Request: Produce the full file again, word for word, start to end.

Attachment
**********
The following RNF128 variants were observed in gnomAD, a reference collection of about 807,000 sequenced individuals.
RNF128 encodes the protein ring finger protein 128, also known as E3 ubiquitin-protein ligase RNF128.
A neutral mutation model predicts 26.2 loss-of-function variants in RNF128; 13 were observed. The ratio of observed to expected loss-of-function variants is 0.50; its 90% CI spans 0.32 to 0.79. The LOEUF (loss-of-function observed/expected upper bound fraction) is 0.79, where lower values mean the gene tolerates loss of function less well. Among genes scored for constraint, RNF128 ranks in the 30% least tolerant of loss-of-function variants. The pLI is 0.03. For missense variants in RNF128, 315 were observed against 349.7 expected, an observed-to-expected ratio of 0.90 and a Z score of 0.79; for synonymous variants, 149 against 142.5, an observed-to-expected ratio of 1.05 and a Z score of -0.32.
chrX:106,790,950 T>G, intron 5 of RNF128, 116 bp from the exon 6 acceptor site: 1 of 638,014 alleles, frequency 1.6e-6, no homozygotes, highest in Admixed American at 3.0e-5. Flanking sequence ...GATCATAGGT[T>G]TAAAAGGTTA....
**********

The following RNF128 variants were observed in gnomAD, a reference collection of about 807,000 sequenced individuals.
RNF128 encodes the protein ring finger protein 128, also known as E3 ubiquitin-protein ligase RNF128.
A neutral mutation model predicts 26.2 loss-of-function variants in RNF128; 13 were observed. The ratio of observed to expected loss-of-function variants is 0.50; its 90% CI spans 0.32 to 0.79. The LOEUF (loss-of-function observed/expected upper bound fraction) is 0.79, where lower values mean the gene tolerates loss of function less well. Among genes scored for constraint, RNF128 ranks in the 30% least tolerant of loss-of-function variants. The pLI is 0.03. For missense variants in RNF128, 315 were observed against 349.7 expected, an observed-to-expected ratio of 0.90 and a Z score of 0.79; for synonymous variants, 149 against 142.5, an observed-to-expected ratio of 1.05 and a Z score of -0.32.
chrX:106,790,950 T>G, intron 5 of RNF128, 116 bp from the exon 6 acceptor site: 1 of 638,014 alleles, frequency 1.6e-6, no homozygotes, highest in Admixed American at 3.0e-5. Flanking sequence ...GATCATAGGT[T>G]TAAAAGGTTA....